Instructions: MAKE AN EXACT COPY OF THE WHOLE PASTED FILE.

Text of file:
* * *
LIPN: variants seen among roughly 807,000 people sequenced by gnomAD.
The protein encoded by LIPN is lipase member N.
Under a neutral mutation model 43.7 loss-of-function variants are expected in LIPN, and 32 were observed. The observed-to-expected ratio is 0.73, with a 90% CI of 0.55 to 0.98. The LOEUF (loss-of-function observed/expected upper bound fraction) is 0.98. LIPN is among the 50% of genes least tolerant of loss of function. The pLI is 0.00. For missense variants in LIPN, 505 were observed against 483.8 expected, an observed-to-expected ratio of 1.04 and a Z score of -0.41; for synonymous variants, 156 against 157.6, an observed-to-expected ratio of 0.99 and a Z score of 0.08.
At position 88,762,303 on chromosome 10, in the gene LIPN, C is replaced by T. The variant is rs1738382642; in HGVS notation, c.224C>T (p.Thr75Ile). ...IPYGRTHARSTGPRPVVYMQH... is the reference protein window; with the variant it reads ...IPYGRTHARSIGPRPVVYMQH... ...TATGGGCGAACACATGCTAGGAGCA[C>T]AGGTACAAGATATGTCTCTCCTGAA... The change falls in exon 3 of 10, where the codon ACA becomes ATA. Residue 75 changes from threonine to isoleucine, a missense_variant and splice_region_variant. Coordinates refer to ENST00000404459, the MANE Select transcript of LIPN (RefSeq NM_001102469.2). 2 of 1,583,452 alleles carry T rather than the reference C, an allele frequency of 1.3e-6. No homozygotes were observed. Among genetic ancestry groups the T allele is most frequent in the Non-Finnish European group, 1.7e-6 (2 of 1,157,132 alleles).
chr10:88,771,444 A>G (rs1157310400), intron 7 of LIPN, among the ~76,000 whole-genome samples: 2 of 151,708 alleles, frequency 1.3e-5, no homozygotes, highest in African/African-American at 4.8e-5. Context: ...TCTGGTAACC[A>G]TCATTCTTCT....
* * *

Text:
LIPN: variants seen among roughly 807,000 people sequenced by gnomAD.
The protein encoded by LIPN is lipase member N.
Under a neutral mutation model 43.7 loss-of-function variants are expected in LIPN, and 32 were observed. The observed-to-expected ratio is 0.73, with a 90% CI of 0.55 to 0.98. The LOEUF (loss-of-function observed/expected upper bound fraction) is 0.98. LIPN is among the 50% of genes least tolerant of loss of function. The pLI is 0.00. For missense variants in LIPN, 505 were observed against 483.8 expected, an observed-to-expected ratio of 1.04 and a Z score of -0.41; for synonymous variants, 156 against 157.6, an observed-to-expected ratio of 0.99 and a Z score of 0.08.
At position 88,762,303 on chromosome 10, in the gene LIPN, C is replaced by T. The variant is rs1738382642; in HGVS notation, c.224C>T (p.Thr75Ile). ...IPYGRTHARSTGPRPVVYMQH... is the reference protein window; with the variant it reads ...IPYGRTHARSIGPRPVVYMQH... ...TATGGGCGAACACATGCTAGGAGCA[C>T]AGGTACAAGATATGTCTCTCCTGAA... The change falls in exon 3 of 10, where the codon ACA becomes ATA. Residue 75 changes from threonine to isoleucine, a missense_variant and splice_region_variant. Coordinates refer to ENST00000404459, the MANE Select transcript of LIPN (RefSeq NM_001102469.2). 2 of 1,583,452 alleles carry T rather than the reference C, an allele frequency of 1.3e-6. No homozygotes were observed. Among genetic ancestry groups the T allele is most frequent in the Non-Finnish European group, 1.7e-6 (2 of 1,157,132 alleles).
chr10:88,771,444 A>G (rs1157310400), intron 7 of LIPN, among the ~76,000 whole-genome samples: 2 of 151,708 alleles, frequency 1.3e-5, no homozygotes, highest in African/African-American at 4.8e-5. Context: ...TCTGGTAACC[A>G]TCATTCTTCT....